Small Town News

Local Politics

Ferguson, Durfee & Padron lead Quincy races

The Quincy Valley Post-Register of Quincy, Washington

- Advertisement -

Preliminary results in Tuesday's election appear to show that Quincy city voters are looking to add some new faces to their city council.

On Tuesday, both David Durfee Jr. and Josey Ferguson, who chose to run against longtime city councilmen, were leading in their races. However, Ferguson was leading by only a handful of votes.

Durfee was leading over Councilman Manny Guerrero, 250 to 185 votes (57.47 percent to 42.53 percent), for position 7 on the council. Guerrero was elected to the city council 14 years ago.

The numbers look promising to Durfee, who said he was feeling "excited and relieved" Tuesday evening.

"I am just ready to move my focus from campaigning to getting the pulse of the community," Durfee said.

In the race for position 1, Ferguson was holding onto only an 18-vote lead over Councilman Scott Lybbert, who seeks his fourth term. On Tuesday evening, that race was too close to call.

Ferguson is leading 220 to 202 votes, or 52.13 percent to 47.87 percent.

When contacted at home Tuesday evening, Ferguson said he was optimistic but wasn't claiming victory just yet.

"I'm excited, but I don't think that I've won yet," Ferguson said.

While Ferguson and Durfee challenged two' longtime councilmen, newcomers Sonia Padron and Warren Lybbert squared off this election for position 6, an unexpired, two-year seat.

The two candidates were the top vote-getters in the August primary for the unexpired seat.

Preliminary election results show Padron is leading over Warren Lybbert, 283 to 156 votes (64.46 percent to 35.54 percent).

"I'm quite surprised by the numbers," Padron said when contacted Tuesday evening. "That tells me that I have made a pathway in this community and I am just very humbled with the numbers."

Padron thanked her family and friends who supported her and encouraged her to run for the position.

"The voters have put their trust in me," she said.

Four seats were up for election this year on the city council. Only Councilman Tom Harris was running unopposed. Harris garnered 332 votes.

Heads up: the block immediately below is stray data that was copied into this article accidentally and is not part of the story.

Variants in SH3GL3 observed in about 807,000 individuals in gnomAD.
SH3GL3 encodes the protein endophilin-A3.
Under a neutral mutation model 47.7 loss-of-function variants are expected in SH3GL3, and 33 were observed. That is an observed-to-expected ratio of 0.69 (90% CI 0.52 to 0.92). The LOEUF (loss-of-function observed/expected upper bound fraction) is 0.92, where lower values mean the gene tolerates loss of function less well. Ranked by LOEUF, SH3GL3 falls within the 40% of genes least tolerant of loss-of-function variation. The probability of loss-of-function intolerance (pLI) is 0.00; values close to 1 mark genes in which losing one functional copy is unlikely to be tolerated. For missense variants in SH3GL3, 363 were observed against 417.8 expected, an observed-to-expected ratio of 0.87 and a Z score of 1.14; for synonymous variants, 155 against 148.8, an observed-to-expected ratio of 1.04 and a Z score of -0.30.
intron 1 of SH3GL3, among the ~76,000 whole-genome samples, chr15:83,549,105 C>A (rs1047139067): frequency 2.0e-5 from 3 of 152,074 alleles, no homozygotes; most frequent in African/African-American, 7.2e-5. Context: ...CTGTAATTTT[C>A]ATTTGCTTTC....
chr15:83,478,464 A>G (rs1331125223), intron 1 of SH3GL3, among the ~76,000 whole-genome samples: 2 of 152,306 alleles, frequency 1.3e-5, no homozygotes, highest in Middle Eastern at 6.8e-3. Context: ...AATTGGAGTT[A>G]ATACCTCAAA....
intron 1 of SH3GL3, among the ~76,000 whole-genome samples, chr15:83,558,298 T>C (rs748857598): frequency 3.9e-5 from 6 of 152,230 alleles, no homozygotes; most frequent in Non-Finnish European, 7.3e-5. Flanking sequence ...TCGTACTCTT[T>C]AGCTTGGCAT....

The Grant County Elections Department reports there are still more ballots left to count. A county spokeswoman on Wednesday morning did not know the number of ballots left; however, she said there were "quite a few."

A second count was scheduled for 4 p.m. Wednesday, and the election is to be certified on Nov. 24.

So far, only about 30 percent of the county's 36,712 eligible voters turned out for the election, according to elections department numbers.

Both Ferguson and Durfee expressed some frustration over the low voter turnout. Preliminary numbers show none of the four races for Quincy City Council garnered more than 450 votes.

The city has a population of about 7,200 people. There are 1,955 registered voters in the city limits, the elections department reported.

"I don't understand why more people don't vote," Ferguson said.

He considers it a privilege to vote, Durfee said.

"To be honest, there should be more than 500 people voting in Quincy," he said. "I want people to feel like they can vote and their vote means something here."



Copyright 2015 The Quincy Valley Post-Register, Quincy, Washington. All Rights Reserved. This content, including derivations, may not be stored or distributed in any manner, disseminated, published, broadcast, rewritten or reproduced without express, written consent from SmallTownPapers, Inc.

Original Publication Date: November 5, 2015



More from The Quincy Valley Post-Register